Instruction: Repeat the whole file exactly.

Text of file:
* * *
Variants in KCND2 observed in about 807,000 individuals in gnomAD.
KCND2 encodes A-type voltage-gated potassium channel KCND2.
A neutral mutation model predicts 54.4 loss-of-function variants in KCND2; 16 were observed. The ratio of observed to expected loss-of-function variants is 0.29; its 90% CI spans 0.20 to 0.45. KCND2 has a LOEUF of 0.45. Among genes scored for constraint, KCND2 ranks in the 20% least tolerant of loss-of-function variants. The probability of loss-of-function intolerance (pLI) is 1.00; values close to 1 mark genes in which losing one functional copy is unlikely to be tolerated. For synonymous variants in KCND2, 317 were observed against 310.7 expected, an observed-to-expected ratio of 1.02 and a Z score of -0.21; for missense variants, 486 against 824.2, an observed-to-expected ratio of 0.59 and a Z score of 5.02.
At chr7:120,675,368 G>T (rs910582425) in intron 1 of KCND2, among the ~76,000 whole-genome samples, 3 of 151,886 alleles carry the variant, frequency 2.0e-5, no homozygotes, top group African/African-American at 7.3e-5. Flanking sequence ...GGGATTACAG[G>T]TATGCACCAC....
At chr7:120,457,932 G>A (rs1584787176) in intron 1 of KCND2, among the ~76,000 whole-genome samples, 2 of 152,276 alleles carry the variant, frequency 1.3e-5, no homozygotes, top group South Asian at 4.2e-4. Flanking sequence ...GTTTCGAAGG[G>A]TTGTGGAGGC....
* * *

Variants in KCND2 observed in about 807,000 individuals in gnomAD.
KCND2 encodes A-type voltage-gated potassium channel KCND2.
A neutral mutation model predicts 54.4 loss-of-function variants in KCND2; 16 were observed. The ratio of observed to expected loss-of-function variants is 0.29; its 90% CI spans 0.20 to 0.45. KCND2 has a LOEUF of 0.45. Among genes scored for constraint, KCND2 ranks in the 20% least tolerant of loss-of-function variants. The probability of loss-of-function intolerance (pLI) is 1.00; values close to 1 mark genes in which losing one functional copy is unlikely to be tolerated. For synonymous variants in KCND2, 317 were observed against 310.7 expected, an observed-to-expected ratio of 1.02 and a Z score of -0.21; for missense variants, 486 against 824.2, an observed-to-expected ratio of 0.59 and a Z score of 5.02.
At chr7:120,675,368 G>T (rs910582425) in intron 1 of KCND2, among the ~76,000 whole-genome samples, 3 of 151,886 alleles carry the variant, frequency 2.0e-5, no homozygotes, top group African/African-American at 7.3e-5. Flanking sequence ...GGGATTACAG[G>T]TATGCACCAC....
At chr7:120,457,932 G>A (rs1584787176) in intron 1 of KCND2, among the ~76,000 whole-genome samples, 2 of 152,276 alleles carry the variant, frequency 1.3e-5, no homozygotes, top group South Asian at 4.2e-4. Flanking sequence ...GTTTCGAAGG[G>A]TTGTGGAGGC....